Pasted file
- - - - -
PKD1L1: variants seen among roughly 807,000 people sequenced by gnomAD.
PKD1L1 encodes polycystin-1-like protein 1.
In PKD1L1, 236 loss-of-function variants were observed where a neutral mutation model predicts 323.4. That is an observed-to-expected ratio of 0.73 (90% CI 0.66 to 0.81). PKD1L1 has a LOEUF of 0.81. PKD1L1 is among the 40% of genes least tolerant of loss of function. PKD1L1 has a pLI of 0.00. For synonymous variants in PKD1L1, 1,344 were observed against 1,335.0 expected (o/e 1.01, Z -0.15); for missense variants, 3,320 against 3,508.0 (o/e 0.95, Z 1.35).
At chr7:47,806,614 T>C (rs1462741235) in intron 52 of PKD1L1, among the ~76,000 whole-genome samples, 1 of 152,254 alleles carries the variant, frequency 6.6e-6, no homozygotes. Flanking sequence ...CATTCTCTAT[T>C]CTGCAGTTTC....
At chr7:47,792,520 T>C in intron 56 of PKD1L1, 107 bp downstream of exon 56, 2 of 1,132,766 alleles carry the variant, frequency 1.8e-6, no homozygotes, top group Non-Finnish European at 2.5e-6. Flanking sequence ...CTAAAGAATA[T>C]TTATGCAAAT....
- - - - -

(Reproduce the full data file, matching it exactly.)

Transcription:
PKD1L1: variants seen among roughly 807,000 people sequenced by gnomAD.
PKD1L1 encodes polycystin-1-like protein 1.
In PKD1L1, 236 loss-of-function variants were observed where a neutral mutation model predicts 323.4. That is an observed-to-expected ratio of 0.73 (90% CI 0.66 to 0.81). PKD1L1 has a LOEUF of 0.81. PKD1L1 is among the 40% of genes least tolerant of loss of function. PKD1L1 has a pLI of 0.00. For synonymous variants in PKD1L1, 1,344 were observed against 1,335.0 expected (o/e 1.01, Z -0.15); for missense variants, 3,320 against 3,508.0 (o/e 0.95, Z 1.35).
At chr7:47,806,614 T>C (rs1462741235) in intron 52 of PKD1L1, among the ~76,000 whole-genome samples, 1 of 152,254 alleles carries the variant, frequency 6.6e-6, no homozygotes. Flanking sequence ...CATTCTCTAT[T>C]CTGCAGTTTC....
At chr7:47,792,520 T>C in intron 56 of PKD1L1, 107 bp downstream of exon 56, 2 of 1,132,766 alleles carry the variant, frequency 1.8e-6, no homozygotes, top group Non-Finnish European at 2.5e-6. Flanking sequence ...CTAAAGAATA[T>C]TTATGCAAAT....